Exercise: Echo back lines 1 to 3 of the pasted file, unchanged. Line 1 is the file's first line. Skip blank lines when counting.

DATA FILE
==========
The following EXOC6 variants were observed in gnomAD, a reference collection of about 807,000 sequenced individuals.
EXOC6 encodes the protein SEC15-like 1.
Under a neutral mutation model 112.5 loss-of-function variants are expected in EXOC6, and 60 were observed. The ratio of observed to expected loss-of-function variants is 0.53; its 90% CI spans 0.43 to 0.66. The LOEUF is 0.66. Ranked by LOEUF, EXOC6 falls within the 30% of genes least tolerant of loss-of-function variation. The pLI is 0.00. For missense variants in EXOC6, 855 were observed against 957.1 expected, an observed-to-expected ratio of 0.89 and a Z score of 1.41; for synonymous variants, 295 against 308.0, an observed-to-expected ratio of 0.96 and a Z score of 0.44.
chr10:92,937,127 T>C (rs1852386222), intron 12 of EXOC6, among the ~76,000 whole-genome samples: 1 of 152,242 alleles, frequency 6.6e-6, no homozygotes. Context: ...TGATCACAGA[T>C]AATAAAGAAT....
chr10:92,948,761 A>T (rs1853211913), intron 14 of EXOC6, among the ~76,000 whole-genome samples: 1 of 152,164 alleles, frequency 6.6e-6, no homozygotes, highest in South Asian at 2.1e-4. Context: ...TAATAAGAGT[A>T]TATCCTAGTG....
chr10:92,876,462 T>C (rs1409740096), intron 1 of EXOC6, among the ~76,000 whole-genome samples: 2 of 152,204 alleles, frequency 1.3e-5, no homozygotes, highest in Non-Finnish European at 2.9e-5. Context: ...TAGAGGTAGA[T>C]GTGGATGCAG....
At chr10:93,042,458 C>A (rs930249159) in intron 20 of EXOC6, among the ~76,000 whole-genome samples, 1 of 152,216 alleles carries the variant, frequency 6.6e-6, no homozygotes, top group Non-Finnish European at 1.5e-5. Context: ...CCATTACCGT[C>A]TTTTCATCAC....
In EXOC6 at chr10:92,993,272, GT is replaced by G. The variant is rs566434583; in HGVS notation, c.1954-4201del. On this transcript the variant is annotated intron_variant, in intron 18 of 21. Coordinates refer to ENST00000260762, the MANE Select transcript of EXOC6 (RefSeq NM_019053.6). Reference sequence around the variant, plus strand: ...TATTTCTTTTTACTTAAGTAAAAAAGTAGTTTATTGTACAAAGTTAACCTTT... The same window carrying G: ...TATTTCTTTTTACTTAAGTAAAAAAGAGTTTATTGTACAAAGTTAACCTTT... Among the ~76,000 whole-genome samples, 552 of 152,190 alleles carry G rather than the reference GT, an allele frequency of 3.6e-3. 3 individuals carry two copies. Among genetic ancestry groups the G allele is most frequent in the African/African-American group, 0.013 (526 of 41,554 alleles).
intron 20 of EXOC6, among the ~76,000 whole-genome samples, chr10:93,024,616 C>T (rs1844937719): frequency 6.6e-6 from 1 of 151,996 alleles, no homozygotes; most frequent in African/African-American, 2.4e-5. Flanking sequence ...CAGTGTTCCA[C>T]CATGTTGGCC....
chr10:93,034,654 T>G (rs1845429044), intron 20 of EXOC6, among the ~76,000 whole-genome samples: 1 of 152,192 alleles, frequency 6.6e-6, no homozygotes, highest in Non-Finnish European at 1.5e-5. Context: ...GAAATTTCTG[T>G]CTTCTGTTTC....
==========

The following EXOC6 variants were observed in gnomAD, a reference collection of about 807,000 sequenced individuals.
EXOC6 encodes the protein SEC15-like 1.
Under a neutral mutation model 112.5 loss-of-function variants are expected in EXOC6, and 60 were observed. The ratio of observed to expected loss-of-function variants is 0.53; its 90% CI spans 0.43 to 0.66. The LOEUF is 0.66. Ranked by LOEUF, EXOC6 falls within the 30% of genes least tolerant of loss-of-function variation. The pLI is 0.00. For missense variants in EXOC6, 855 were observed against 957.1 expected, an observed-to-expected ratio of 0.89 and a Z score of 1.41; for synonymous variants, 295 against 308.0, an observed-to-expected ratio of 0.96 and a Z score of 0.44.